1960 European Nations' Cup

The 1960 European Nations' Cup was the inaugural tournament of the UEFA European Championship, held every four years and organised by UEFA. The first tournament was held in France. It was won by the Soviet Union, who beat Yugoslavia 2–1 in Paris after extra time.

1960 European Nations' Cup
Coupe d'Europe des nations de football
France 1960
(in French)
Tournament details
Host countryFrance
Dates6–10 July
Venue(s)2 (in 2 host cities)
Final positions
Champions Soviet Union (1st title)
Runners-up Yugoslavia
Third place Czechoslovakia
Fourth place France
Tournament statistics
Matches played4
Goals scored17 (4.25 per match)
Attendance78,958 (19,740 per match)
Top scorer(s)France François Heutte
Soviet Union Valentin Ivanov
Soviet Union Viktor Ponedelnik
Socialist Federal Republic of Yugoslavia Milan Galić
Socialist Federal Republic of Yugoslavia Dražan Jerković
(2 goals each)

The tournament was a knockout competition, with just 17 teams entering. There were some notable absences, including West Germany, Italy, Netherlands and England, each of whom had voted against the creation of the tournament in 1957.[1] The entrants would play home-and-away matches until the semi-finals; the final four teams would then move on to the final tournament, whose host was selected after the teams became known.

In the quarter-finals, Spain, who were under Francoist rule, refused to travel to the Soviet Union for political reasons. After a proposal to play the tie over one leg at a neutral venue were rejected by the Soviets,[2][3] Spain were disqualified: accordingly, three of the final four teams were from communist countries: the USSR, Czechoslovakia, and SFR Yugoslavia, to go with hosts France.

In the semi-finals, the Soviets made easy work of the Czechoslovaks in Marseille, beating them 3–0. The other match saw a nine-goal thriller as Yugoslavia came on top 5–4 after coming back from a two-goal deficit twice. Czechoslovakia beat the demoralised French 2–0 for third place.

In the final, Yugoslavia scored first, but the Soviet Union, led by legendary goalkeeper Lev Yashin, equalised in the 49th minute. After 90 minutes the score was 1–1, and Viktor Ponedelnik scored with seven minutes left in extra time to give the Soviets the inaugural European Championship.[4]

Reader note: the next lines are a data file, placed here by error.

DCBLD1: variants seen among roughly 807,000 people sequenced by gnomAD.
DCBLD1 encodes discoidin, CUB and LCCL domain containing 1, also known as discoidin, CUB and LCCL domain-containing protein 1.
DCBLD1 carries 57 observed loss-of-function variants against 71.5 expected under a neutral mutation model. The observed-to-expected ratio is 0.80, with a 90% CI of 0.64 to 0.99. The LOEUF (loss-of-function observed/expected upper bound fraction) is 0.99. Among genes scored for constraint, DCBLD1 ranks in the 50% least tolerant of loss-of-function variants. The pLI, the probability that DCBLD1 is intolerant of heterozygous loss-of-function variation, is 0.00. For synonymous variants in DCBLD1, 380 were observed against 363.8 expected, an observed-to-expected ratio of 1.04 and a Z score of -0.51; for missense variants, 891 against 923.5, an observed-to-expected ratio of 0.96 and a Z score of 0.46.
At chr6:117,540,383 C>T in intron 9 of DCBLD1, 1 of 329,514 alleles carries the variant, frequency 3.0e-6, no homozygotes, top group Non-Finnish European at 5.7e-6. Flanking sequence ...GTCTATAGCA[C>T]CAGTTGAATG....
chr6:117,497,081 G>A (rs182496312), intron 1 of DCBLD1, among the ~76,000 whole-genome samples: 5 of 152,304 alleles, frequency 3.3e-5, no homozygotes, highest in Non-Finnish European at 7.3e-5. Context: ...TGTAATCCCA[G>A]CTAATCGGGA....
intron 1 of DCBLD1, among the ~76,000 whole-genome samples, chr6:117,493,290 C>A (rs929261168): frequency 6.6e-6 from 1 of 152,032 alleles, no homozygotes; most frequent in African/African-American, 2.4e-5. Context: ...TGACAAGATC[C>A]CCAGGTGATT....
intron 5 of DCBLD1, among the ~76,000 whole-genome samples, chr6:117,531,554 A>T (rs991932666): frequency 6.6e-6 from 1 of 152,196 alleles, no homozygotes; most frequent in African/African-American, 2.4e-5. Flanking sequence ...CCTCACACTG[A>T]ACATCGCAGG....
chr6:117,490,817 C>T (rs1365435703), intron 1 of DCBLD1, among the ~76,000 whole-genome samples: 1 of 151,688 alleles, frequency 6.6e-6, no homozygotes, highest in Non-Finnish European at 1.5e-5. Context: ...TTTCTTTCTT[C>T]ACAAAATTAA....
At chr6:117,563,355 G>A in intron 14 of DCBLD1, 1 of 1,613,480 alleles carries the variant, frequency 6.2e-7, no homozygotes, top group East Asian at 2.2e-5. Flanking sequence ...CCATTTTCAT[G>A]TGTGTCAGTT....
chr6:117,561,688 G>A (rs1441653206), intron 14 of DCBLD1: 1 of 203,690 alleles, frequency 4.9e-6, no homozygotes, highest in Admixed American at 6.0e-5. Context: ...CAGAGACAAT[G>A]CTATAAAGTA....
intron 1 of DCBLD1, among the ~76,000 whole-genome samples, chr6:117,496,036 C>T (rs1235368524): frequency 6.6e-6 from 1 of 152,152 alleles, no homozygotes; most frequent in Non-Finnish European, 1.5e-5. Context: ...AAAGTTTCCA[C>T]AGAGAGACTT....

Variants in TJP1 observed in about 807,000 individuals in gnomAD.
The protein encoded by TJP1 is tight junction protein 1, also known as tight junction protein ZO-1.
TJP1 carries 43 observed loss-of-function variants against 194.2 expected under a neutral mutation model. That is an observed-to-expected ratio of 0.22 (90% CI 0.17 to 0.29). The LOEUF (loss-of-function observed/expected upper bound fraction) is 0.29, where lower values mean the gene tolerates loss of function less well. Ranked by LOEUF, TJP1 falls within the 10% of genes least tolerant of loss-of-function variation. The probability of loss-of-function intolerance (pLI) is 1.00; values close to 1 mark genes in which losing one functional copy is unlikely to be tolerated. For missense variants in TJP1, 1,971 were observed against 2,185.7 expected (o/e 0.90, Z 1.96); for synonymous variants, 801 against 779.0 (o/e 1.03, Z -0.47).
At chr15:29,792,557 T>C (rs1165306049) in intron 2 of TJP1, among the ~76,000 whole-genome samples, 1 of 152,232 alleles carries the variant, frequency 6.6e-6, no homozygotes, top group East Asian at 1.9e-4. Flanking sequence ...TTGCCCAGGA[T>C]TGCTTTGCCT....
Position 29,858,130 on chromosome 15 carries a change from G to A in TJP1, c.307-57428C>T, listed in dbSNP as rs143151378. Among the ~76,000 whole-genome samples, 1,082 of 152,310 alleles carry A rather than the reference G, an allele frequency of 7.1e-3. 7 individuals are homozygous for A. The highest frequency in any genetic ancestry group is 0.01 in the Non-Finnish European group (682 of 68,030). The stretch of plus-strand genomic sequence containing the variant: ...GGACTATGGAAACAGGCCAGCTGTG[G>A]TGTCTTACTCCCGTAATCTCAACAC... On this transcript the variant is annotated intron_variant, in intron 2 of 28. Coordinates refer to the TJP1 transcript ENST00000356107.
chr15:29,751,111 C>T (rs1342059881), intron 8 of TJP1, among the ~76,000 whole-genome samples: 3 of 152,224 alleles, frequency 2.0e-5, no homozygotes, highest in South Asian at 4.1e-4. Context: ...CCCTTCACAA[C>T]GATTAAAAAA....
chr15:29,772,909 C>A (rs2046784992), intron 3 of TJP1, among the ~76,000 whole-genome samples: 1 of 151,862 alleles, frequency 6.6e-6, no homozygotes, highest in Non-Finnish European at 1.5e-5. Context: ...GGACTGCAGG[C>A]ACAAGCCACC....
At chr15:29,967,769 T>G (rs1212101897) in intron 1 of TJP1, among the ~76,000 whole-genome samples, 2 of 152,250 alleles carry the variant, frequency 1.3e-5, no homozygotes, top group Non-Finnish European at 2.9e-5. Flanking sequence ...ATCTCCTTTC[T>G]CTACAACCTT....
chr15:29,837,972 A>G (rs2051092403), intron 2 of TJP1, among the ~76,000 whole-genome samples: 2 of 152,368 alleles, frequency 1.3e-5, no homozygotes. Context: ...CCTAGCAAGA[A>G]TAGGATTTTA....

Qualification edit

Qualified teams edit

Team Qualified as Qualified on
  France (host) Quarter-finals winner 27 March 1960
  Yugoslavia Quarter-finals winner 22 May 1960
  Soviet Union Quarter-finals winner[A] 28 May 1960
  Czechoslovakia Quarter-finals winner 29 May 1960
  1. ^ These quarter-final matches were scratched and the Soviet Union qualified by walkover after Spain refused to travel to the Soviet Union for the first leg.[5]

Venues edit

Paris Marseille
Parc des Princes Stade Vélodrome
Capacity: 40,000 Capacity: 40,000

Squads edit

Match officials edit

Country Referee
  England Arthur Ellis
  Belgium Gaston Grandain
  Italy Cesare Jonni

Final tournament edit

1960 European Nations' Cup finalists

In all matches but the final, extra time and a coin toss were used to decide the winner if necessary. If the final remained level after extra time, a replay would be used to determine the winner.

All times are local, CET (UTC+1).

Bracket edit

6 July – Marseille
10 July – Paris
  Soviet Union3
  Soviet Union (a.e.t.)2
6 July – Paris
Third place play-off
9 July – Marseille

Semi-finals edit

France  4–5  Yugoslavia
  • Vincent   12'
  • Heutte   43', 62'
  • Wisniewski   53'
Attendance: 26,370

Czechoslovakia  0–3  Soviet Union
Attendance: 25,184
Referee: Cesare Jonni (Italy)

Third place play-off edit

Czechoslovakia  2–0  France
Attendance: 9,438
Referee: Cesare Jonni (Italy)

Final edit

Soviet Union  2–1 (a.e.t.)  Yugoslavia
Attendance: 17,966

Statistics edit

Goalscorers edit

There were 17 goals scored in 4 matches, for an average of 4.25 goals per match.

2 goals

1 goal

Awards edit

UEFA Team of the Tournament[6]
Goalkeeper Defenders Midfielders Forwards
  Lev Yashin   Ladislav Novák
  Vladimir Durković
  Josef Masopust
  Valentin Ivanov
  Igor Netto
  Slava Metreveli
  Viktor Ponedelnik
  Milan Galić
  Bora Kostić
  Dragoslav Šekularac

Notes edit

References edit

  1. ^ Murray, Scott. "The Joy of Six: European Championship qualifiers". The Guardian. Retrieved 1 December 2023. At a Uefa congress in 1957, a motion to set up a European championship was finally put to the floor. Predictably, the British associations acted like a petulant child, just as it had done three decades earlier with the World Cup. Fearing such a tournament would interfere with the Home Internationals, it abstained, though this time it was by no means the only offender: seven other countries voted against, including West Germany, Italy and Holland.
  2. ^ Муртазин, Салават (10 July 2020). "Первая и последняя победа сборной СССР на Евро. Как это было". Championat.com (in Russian). Retrieved 15 July 2021.
  3. ^ Malone, Emmet (21 April 2016). "Euro Moments: General Franco pulls Spain from 1960 tournament". The Irish Times. Retrieved 9 August 2023.
  4. ^ Rostance, Tom (21 May 2012). "BBC Sport - Euro 1960: Lev Yashin leads Soviets to glory in France". BBC Sport. Retrieved 15 July 2021.
  5. ^ "European Cup Committee – Meeting of May 28th, 1960, Francfort". Bulletin officiel de l'UEFA. No. 15. Union of European Football Associations. November 1960. In connection with the withdrawal of Spain (v. USSR) the Committee decided to apply Article 7 of the Regulations, namely, to qualify Russia for the Final Tournament.
  6. ^ "1960 team of the tournament". UEFA.com. Union of European Football Associations. 1 January 2020. Retrieved 15 July 2021.

External links edit